- Perform project support and guidance to project managers in business units (occurs mostly in functional structure)
- Develop and institute a consistent project management methodology and standardized process
- Provide training and consulting services as needed and/or collect requirements from external sources
- Act as a ‘home’ for project managers that can be loaned out to projects as needed
- Provide common project management tools to business units and maintain tools as needed
- Provide portfolio management and ensure a staff of program managers is available to manage multiple projects that are related
When one thinks of a PMO, one should look at it in the same way they look at other ‘common’ resource entities within a company, such as a group that does integration testing, common document writers or a set of architect level engineers that are utilized as internal consultants for projects. It is a common resource designed to assist the organization in meeting its project deadlines efficiently and consistently.
So how does one gauge the effectiveness of their PMO? What benchmark(s) are used that can quantify the success or failure of the PMO?
While many in the business sphere love to focus on strictly monetary tangibles, these can often be mis-leading. Cost reductions or increased revenue can certainly be the result of a well setup PMO. But distinguishing between which attributes contributed to cost savings or revenue increases can often be vague. The PMO may have helped, but it may not have been the only factor.
As such, the following success criteria is usually considered the ‘best’ method to quantify the success of your PMO:
- Accuracy of cost estimates – Are the target costs and resultant costs of projects well aligned?
- Accuracy of schedule estimates – Are projects being completed at the milestones set by the project managers?
- Project stakeholder satisfaction – Does the PMO have a good reputation based on its service?
One final note before closing out this post: many business leaders often look for instant gratification when it comes to instituting any changes within their company. They will often look only to the next few quarters as justification for moving ahead with any initiative. But make no mistake, a properly done PMO is a long-term strategy. It ‘can’ produce short-term gains. But in the end, it will take some time to fully implement the concept and ensure it is aligning itself well with the company internals. There will always be some tweaking necessary and business leaders should not be dissuaded or disillusioned from moving ahead if a few bumps are met along the way. Over the long-term, studies have shown that a properly structured and efficient PMO will lead to improvements in all the aforementioned metrics. As an example, Sun Life instituted a new PMO in its organization during the Y2K timeframe. The resultant improvements were as follows:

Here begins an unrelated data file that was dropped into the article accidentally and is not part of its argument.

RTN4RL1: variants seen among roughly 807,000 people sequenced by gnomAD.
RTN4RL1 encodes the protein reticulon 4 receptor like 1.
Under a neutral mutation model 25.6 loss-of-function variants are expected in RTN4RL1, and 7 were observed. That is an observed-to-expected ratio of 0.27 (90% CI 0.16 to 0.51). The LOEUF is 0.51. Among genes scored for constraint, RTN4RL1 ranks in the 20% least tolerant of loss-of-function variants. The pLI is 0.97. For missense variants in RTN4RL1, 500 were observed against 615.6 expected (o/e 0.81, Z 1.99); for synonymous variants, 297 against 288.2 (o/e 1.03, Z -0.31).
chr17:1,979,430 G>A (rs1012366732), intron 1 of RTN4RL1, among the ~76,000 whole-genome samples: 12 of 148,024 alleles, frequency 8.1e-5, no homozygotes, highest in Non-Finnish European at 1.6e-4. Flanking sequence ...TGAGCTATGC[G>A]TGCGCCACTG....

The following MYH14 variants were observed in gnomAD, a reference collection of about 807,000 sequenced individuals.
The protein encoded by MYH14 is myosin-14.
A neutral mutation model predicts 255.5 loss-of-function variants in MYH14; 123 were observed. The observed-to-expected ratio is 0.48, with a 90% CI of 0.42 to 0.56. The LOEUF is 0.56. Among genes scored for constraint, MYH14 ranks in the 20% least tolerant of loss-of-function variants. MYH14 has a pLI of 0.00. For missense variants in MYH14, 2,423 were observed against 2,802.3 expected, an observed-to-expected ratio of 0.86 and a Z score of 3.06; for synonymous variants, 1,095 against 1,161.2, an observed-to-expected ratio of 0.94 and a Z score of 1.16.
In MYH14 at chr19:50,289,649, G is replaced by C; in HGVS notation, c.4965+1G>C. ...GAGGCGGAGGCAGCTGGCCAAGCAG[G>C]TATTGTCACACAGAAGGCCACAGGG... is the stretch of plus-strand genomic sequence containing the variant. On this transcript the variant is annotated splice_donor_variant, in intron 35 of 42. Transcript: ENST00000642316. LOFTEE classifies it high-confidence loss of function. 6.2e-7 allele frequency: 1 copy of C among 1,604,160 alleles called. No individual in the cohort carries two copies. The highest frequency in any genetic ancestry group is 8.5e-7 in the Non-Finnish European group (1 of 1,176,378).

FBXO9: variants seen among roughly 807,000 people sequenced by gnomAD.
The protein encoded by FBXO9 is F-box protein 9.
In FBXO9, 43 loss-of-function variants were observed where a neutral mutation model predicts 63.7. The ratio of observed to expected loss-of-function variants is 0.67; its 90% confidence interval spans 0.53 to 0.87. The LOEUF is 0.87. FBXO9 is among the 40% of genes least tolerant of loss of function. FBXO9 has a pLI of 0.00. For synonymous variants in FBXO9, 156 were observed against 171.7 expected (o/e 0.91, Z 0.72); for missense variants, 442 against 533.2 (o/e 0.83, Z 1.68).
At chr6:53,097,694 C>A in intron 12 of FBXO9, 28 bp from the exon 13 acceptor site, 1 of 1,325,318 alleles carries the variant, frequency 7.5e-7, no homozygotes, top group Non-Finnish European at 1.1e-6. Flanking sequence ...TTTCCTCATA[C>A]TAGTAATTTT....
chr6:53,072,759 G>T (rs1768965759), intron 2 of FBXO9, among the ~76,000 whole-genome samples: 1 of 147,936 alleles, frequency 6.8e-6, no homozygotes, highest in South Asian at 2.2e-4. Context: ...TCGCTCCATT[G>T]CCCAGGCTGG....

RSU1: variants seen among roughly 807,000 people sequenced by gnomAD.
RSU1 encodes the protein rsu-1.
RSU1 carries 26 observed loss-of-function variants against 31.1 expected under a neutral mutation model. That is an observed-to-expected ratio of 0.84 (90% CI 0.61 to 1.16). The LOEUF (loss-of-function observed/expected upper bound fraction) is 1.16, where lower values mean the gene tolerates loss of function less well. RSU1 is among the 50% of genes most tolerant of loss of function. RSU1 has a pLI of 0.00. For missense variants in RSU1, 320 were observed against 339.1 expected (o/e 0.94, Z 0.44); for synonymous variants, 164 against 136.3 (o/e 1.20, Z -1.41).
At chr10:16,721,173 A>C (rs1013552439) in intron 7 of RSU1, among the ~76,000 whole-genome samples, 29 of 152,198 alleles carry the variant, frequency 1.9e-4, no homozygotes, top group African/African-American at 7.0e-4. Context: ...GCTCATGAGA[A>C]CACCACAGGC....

- Accuracy of cost estimates: 25% increase
- Accuracy of schedule estimates: 31% increase
- Project stakeholder satisfaction: 9% increase
Similar improvements have been noted at other companies who chose the PMO as a viable entity within their organization.
In closing, a PMO can be a valuable asset to any organization. When instituted correctly and effectively, the company or business can be assured of seeing large improvements to their internal project success rates, translating into better productivity and efficiency across its lines of business.